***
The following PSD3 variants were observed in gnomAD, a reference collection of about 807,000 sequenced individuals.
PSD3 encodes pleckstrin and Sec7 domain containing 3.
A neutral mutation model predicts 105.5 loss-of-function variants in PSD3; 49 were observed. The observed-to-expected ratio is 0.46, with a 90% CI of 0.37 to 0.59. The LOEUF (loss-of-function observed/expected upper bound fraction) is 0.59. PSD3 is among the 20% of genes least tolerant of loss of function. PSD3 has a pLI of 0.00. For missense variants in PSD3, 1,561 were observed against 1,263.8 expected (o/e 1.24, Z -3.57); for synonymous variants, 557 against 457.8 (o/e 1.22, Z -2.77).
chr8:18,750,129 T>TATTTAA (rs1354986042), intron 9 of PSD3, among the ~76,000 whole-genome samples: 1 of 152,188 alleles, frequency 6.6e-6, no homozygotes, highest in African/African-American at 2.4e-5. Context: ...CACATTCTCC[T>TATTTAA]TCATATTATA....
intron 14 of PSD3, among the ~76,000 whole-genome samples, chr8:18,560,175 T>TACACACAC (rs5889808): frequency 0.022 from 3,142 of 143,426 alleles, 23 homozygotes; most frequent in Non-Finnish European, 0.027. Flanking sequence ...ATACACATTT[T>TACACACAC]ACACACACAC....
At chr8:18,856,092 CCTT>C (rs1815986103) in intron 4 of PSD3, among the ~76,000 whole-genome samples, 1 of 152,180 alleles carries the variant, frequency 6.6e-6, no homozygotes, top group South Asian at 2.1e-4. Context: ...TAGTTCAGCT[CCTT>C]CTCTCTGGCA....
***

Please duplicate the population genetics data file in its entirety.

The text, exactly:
The following PSD3 variants were observed in gnomAD, a reference collection of about 807,000 sequenced individuals.
PSD3 encodes pleckstrin and Sec7 domain containing 3.
A neutral mutation model predicts 105.5 loss-of-function variants in PSD3; 49 were observed. The observed-to-expected ratio is 0.46, with a 90% CI of 0.37 to 0.59. The LOEUF (loss-of-function observed/expected upper bound fraction) is 0.59. PSD3 is among the 20% of genes least tolerant of loss of function. PSD3 has a pLI of 0.00. For missense variants in PSD3, 1,561 were observed against 1,263.8 expected (o/e 1.24, Z -3.57); for synonymous variants, 557 against 457.8 (o/e 1.22, Z -2.77).
chr8:18,750,129 T>TATTTAA (rs1354986042), intron 9 of PSD3, among the ~76,000 whole-genome samples: 1 of 152,188 alleles, frequency 6.6e-6, no homozygotes, highest in African/African-American at 2.4e-5. Context: ...CACATTCTCC[T>TATTTAA]TCATATTATA....
intron 14 of PSD3, among the ~76,000 whole-genome samples, chr8:18,560,175 T>TACACACAC (rs5889808): frequency 0.022 from 3,142 of 143,426 alleles, 23 homozygotes; most frequent in Non-Finnish European, 0.027. Flanking sequence ...ATACACATTT[T>TACACACAC]ACACACACAC....
At chr8:18,856,092 CCTT>C (rs1815986103) in intron 4 of PSD3, among the ~76,000 whole-genome samples, 1 of 152,180 alleles carries the variant, frequency 6.6e-6, no homozygotes, top group South Asian at 2.1e-4. Context: ...TAGTTCAGCT[CCTT>C]CTCTCTGGCA....